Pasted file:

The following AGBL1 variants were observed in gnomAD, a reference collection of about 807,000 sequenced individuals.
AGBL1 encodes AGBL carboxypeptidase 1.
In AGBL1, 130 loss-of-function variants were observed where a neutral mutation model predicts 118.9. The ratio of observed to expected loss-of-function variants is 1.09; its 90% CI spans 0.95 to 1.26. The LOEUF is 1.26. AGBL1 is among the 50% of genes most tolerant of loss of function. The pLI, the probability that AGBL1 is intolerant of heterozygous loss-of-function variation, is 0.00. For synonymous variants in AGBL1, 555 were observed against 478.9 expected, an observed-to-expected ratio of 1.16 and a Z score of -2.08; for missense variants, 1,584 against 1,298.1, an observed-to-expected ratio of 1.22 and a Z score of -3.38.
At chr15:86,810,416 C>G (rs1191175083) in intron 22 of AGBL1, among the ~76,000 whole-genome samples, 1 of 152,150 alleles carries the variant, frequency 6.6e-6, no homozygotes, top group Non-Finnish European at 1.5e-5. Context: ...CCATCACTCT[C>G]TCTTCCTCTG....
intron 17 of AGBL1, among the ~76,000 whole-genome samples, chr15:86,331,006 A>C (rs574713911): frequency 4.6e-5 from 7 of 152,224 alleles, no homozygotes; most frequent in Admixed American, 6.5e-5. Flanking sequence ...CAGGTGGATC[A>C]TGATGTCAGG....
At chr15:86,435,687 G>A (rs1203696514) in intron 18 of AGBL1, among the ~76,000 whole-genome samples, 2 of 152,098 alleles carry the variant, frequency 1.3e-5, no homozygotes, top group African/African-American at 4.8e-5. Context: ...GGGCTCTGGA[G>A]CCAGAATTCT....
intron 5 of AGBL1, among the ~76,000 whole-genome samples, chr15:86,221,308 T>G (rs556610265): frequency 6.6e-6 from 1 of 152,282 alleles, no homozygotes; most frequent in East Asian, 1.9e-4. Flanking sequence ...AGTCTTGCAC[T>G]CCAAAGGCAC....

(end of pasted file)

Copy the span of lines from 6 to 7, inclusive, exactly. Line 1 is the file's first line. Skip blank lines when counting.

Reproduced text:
At chr15:86,435,687 G>A (rs1203696514) in intron 18 of AGBL1, among the ~76,000 whole-genome samples, 2 of 152,098 alleles carry the variant, frequency 1.3e-5, no homozygotes, top group African/African-American at 4.8e-5. Context: ...GGGCTCTGGA[G>A]CCAGAATTCT....
intron 5 of AGBL1, among the ~76,000 whole-genome samples, chr15:86,221,308 T>G (rs556610265): frequency 6.6e-6 from 1 of 152,282 alleles, no homozygotes; most frequent in East Asian, 1.9e-4. Flanking sequence ...AGTCTTGCAC[T>G]CCAAAGGCAC....